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Organizing For Your Retirement

After spending decades working day in and day out 30% of retirees consider Social Security to be their primary source of income. If you want to avoid that fate it’s important to begin planning as soon as possible. Believe it or not, planning for retirement on your first day of work is not too early to start.  The following are a few tips on how to organize for your retirement.

Start Saving Early

RetirementYou have probably heard this over and over again, but maybe you have never taken it too seriously… You can’t just say that you will start preparing for retirement when the time comes, the earlier you start the better. Quite a number of people behave as though retirement is light years into the future and, as a result, live life like there is no tomorrow. Consumerism is never really beneficial to the consumer; in fact it can be quite detrimental.

With every paycheck you receive, from the very first one, it is important to set aside a specific amount to go to a savings account and preferably one that limits the frequency of withdrawal like an IRA or 401k. Doing so will enable you build up a significant cash reservoir by the time you retire. The key is to get started as soon as possible even if you have to start small; the earlier you start doing this the better because of the compounding factor of time. One good tip is, whenever you get a raise put most of it into increasing your retirement withholdings. After all, if you are already used to living on a certain salary you won’t really notice that it hasn’t increased, since you never see it and never had it before. So it is a relatively painless way to save for retirement.


Whatever you are making in your current job is of no consequence, it is always important to expand your income sources. Saving in a fixed deposit account, where your money accrues interest, is a good thing, but in today’s low interest environment it is not enough. In today’s investment environment you need to diversify your investments over a variety of different investment types and categories.

Retirement Funds

Quite a number of employers today offer retirement saving plans for their employees. Do not ignore such plans as they can be very beneficial because of the compound interest, regular investment and the time factor. It is very important that you avoid touching this money before retirement because you may end up missing out on tax benefits, in addition to losing interest and paying a 10% penalty. Having a separate savings account should not be used as an excuse for not joining retirement plans. The best factor of an employer sponsored plan is if they provide a “matching program” it may be 1:1 or 2:1 or whatever. The company feels saving for retirement is so important that it wants to encourage you to save by agreeing to contribute one dollar to your retirement fund for every $1 or $2 you contribute, so you should try to contribute the maximum because it is free money i.e. if you don’t contribute you don’t get the matching funds.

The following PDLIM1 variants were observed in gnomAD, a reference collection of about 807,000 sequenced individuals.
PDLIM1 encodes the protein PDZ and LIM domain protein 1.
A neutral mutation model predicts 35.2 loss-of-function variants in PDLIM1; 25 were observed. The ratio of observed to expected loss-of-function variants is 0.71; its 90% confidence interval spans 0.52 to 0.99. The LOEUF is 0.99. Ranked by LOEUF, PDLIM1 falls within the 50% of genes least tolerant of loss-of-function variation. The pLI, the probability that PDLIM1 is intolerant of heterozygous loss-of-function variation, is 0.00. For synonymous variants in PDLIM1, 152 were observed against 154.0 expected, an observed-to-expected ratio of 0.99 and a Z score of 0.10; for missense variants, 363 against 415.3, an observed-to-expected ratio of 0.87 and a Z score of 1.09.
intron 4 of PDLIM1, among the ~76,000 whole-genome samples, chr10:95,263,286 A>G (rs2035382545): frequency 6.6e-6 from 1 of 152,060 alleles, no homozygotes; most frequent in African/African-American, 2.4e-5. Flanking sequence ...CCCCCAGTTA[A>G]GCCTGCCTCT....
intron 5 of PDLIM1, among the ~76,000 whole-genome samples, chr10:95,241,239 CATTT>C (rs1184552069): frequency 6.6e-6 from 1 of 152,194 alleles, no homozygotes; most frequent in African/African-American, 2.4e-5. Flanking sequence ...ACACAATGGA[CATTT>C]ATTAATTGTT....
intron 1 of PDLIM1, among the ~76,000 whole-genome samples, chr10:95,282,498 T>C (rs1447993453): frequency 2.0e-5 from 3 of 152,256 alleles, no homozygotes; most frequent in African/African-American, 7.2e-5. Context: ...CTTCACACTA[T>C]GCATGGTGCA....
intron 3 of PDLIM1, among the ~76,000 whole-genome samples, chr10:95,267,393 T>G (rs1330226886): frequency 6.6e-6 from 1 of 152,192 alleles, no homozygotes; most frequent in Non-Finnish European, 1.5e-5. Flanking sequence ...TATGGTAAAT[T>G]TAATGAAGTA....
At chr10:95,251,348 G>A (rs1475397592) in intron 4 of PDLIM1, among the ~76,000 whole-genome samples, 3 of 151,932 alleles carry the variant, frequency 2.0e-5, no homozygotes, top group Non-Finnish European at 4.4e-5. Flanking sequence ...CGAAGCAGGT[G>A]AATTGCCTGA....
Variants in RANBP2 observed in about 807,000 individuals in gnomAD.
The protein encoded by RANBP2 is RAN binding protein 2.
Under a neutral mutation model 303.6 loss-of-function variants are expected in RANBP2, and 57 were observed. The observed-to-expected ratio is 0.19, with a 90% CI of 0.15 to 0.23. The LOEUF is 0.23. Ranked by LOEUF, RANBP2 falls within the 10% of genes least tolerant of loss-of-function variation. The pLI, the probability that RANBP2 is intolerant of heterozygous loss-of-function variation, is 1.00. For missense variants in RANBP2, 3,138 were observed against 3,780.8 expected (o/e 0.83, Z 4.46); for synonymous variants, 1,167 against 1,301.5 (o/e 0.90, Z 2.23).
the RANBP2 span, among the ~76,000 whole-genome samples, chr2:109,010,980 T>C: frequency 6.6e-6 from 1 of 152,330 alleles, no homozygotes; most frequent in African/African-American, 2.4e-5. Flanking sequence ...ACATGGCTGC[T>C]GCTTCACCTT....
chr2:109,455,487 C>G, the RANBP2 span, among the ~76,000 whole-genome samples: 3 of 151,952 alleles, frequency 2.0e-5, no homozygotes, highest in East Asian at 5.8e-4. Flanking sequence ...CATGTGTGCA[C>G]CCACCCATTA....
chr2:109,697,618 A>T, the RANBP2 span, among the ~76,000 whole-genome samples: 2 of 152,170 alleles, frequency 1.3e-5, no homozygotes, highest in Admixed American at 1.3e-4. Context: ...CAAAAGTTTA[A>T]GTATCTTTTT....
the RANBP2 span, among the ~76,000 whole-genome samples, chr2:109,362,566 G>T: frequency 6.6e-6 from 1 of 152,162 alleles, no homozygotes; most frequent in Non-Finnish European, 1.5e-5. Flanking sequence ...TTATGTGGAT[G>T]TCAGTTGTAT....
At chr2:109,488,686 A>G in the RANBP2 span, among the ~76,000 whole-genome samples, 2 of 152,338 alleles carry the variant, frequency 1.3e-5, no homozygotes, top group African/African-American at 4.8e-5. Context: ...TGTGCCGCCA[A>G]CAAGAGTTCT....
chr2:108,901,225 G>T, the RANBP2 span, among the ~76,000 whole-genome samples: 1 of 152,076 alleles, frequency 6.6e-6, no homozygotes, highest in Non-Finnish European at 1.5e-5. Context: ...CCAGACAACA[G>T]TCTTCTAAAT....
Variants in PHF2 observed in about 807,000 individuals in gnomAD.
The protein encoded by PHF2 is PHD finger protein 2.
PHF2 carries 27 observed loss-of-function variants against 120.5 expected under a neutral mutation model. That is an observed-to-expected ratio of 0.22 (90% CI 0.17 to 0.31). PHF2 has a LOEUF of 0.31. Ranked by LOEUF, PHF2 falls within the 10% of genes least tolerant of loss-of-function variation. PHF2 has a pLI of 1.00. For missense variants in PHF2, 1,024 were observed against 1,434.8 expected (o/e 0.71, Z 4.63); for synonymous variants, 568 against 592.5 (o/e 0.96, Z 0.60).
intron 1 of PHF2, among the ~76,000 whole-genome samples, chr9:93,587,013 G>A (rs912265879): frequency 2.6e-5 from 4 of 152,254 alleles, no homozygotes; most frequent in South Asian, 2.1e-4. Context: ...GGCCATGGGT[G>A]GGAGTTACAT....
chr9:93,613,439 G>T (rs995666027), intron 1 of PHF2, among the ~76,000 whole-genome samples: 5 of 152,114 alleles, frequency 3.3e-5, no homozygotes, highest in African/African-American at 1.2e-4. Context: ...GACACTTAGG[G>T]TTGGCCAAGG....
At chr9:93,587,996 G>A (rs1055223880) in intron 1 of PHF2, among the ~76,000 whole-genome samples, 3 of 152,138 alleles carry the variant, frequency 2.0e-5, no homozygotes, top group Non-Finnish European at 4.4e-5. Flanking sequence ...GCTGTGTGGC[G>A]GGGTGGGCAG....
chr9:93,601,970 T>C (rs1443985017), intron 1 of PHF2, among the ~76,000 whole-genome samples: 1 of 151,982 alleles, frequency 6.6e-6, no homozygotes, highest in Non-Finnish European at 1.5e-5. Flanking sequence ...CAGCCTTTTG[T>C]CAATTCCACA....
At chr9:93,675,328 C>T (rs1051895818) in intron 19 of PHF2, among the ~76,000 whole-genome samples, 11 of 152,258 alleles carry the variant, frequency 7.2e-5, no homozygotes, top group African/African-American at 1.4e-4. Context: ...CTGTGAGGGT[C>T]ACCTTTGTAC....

Remember the Importance of Passive Income

The key to growing your savings is passive income, but it is also the foundation for a viable retirement income. After all, the idea of retirement is to have a source of income that doesn’t require you to continue working. In years past, interest was sufficient in that if you amassed enough principal you could live off the interest. These days however, interest is almost non-existent so you need to find other sources of passive income. One of the most common types of passive income is a company sponsored pension plan. According to a recent Gallop survey, 24% of current retirees get their primary income from a company pension plan, possibly because it is easy and most of the work is done by the company. But these days, many companies are promoting self administered plans rather than taking the responsibility of administering a company plan. So you need to take more responsibility for your own retirement.  According to the same Gallop Poll, other types of passive income retirees rely on are one or more of the following:

1)  401k’s, Iras or other tax advantaged retirement savings accounts  with 46% of retirees relying on them.

2) 25% rely on regular savings accounts or CDs.

3) 20% rely on withdrawals from home equity either through reverse mortgages or other types of equity withdrawals.

4) 18% rely on Stocks and mutual funds which also generate passive income through dividends and capital gains.

5) Only 6% rely on rents and royalties which is another good source of passive income.

6) One method of generating a guaranteed passive income is an annuity or insurance plan and 9% of retirees rely on them.

7) 8% of retirees were fortunate enough to have parents who amassed enough savings to last through their retirement and were able to pass that along to their children (who are now retirees themselves).

Unfortunately, 21% of retirees do not (or did not) understand the idea of passive income and are therefore relying on part-time work to help fund their retirement. So if you don’t want to become one of them, you need to plan ahead and look at ways to generate passive income during your retirement years, whether that be through a pension, dividends, rents, royalties, or annuities… you need to begin planning and saving so that you will be sure to have a secure and enjoyable retirement. Remember, the savings alone is not the key factor, savings can be depleted. The key factor is the passive income, whether it is generated by the savings or by some other means.

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